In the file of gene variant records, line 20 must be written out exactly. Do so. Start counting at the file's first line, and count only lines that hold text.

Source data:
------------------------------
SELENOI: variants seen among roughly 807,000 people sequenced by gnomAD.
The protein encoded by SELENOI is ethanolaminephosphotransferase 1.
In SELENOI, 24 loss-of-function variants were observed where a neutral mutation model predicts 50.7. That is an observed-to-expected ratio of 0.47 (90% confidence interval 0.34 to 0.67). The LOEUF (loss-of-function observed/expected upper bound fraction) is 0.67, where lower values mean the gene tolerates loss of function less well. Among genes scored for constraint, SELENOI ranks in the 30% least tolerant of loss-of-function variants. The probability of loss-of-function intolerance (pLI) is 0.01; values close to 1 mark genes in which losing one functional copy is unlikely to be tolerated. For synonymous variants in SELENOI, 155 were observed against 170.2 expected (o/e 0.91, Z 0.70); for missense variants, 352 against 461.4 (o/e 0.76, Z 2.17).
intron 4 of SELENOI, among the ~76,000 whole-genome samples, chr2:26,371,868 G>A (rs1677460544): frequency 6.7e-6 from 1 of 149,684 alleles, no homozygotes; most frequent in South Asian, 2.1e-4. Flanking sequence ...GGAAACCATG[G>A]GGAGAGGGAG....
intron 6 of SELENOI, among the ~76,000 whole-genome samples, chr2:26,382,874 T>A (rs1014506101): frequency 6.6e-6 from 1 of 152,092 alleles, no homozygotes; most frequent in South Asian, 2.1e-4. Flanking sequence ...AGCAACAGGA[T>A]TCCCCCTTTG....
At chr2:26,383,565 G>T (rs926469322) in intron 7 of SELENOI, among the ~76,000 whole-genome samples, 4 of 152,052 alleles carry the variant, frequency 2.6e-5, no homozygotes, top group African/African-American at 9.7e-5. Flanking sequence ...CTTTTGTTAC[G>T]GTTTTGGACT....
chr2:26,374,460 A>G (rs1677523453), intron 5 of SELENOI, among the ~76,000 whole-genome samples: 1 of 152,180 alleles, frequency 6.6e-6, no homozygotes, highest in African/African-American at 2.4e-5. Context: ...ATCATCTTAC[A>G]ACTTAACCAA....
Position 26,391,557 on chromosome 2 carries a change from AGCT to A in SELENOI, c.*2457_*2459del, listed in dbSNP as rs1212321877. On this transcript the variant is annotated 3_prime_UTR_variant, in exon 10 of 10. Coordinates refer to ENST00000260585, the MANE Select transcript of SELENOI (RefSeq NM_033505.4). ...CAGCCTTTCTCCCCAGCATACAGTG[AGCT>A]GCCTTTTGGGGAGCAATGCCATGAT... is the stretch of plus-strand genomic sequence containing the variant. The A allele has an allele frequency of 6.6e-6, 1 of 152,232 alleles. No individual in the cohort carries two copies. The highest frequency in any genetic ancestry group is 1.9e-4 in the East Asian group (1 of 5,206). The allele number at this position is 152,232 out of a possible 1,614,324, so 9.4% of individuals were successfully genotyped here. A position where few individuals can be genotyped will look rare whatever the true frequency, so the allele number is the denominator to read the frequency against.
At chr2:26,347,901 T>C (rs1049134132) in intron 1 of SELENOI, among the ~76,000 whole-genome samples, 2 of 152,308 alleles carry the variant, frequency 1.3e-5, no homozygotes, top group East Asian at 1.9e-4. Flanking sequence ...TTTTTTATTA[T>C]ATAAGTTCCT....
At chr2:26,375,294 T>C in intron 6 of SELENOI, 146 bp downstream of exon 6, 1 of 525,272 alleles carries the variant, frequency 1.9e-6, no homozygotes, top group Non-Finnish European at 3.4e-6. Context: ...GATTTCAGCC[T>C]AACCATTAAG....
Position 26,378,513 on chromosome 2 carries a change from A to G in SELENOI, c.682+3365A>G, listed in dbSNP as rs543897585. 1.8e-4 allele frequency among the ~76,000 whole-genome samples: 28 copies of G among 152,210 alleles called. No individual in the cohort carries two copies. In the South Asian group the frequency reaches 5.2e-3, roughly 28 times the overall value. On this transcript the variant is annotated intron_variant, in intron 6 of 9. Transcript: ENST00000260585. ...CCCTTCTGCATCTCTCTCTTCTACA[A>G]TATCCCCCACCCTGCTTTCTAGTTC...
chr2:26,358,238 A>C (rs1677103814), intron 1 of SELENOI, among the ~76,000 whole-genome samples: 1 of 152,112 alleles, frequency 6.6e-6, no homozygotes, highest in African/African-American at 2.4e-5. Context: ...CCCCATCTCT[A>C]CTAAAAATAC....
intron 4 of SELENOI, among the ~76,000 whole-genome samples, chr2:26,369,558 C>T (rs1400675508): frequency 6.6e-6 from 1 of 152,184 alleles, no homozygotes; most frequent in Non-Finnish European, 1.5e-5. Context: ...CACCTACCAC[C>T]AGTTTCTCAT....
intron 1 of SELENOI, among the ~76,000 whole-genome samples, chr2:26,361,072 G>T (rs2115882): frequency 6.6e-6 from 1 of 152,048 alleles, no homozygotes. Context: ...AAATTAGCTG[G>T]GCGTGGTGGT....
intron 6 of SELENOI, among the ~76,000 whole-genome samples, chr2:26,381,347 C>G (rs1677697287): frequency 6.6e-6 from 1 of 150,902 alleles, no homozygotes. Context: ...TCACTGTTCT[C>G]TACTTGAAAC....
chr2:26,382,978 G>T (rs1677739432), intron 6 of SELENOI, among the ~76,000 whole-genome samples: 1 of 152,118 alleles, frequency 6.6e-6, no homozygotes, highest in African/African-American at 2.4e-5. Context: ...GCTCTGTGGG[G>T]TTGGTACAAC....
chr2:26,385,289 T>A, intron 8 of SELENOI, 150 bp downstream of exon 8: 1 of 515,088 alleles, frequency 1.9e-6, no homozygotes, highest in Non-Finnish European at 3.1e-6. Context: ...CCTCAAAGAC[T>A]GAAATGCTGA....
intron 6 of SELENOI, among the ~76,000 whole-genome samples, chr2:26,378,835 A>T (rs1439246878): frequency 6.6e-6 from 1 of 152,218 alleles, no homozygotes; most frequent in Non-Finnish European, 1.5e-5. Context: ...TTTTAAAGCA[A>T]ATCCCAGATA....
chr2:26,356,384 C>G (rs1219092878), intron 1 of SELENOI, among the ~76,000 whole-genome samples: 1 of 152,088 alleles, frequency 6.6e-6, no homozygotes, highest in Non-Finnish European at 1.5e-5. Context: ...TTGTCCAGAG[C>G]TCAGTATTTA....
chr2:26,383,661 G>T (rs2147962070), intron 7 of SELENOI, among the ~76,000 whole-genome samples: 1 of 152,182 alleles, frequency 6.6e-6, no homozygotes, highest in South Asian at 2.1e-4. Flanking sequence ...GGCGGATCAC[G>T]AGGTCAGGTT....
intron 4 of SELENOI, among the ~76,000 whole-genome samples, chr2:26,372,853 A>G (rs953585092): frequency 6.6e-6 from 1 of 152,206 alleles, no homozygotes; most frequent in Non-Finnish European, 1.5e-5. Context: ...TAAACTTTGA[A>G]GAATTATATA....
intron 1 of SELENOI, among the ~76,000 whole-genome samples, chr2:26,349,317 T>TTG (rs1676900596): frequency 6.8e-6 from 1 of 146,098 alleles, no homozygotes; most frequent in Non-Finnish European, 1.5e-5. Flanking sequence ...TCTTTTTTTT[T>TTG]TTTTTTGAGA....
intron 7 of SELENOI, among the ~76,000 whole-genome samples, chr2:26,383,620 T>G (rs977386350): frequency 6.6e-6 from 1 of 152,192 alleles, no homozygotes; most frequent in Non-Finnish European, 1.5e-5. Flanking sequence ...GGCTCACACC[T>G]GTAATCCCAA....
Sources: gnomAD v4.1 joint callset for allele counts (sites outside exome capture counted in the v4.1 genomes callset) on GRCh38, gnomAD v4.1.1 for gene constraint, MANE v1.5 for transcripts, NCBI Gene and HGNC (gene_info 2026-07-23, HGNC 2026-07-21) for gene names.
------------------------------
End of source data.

chr2:26,383,661 G>T (rs2147962070), intron 7 of SELENOI, among the ~76,000 whole-genome samples: 1 of 152,182 alleles, frequency 6.6e-6, no homozygotes, highest in South Asian at 2.1e-4. Flanking sequence ...GGCGGATCAC[G>T]AGGTCAGGTT....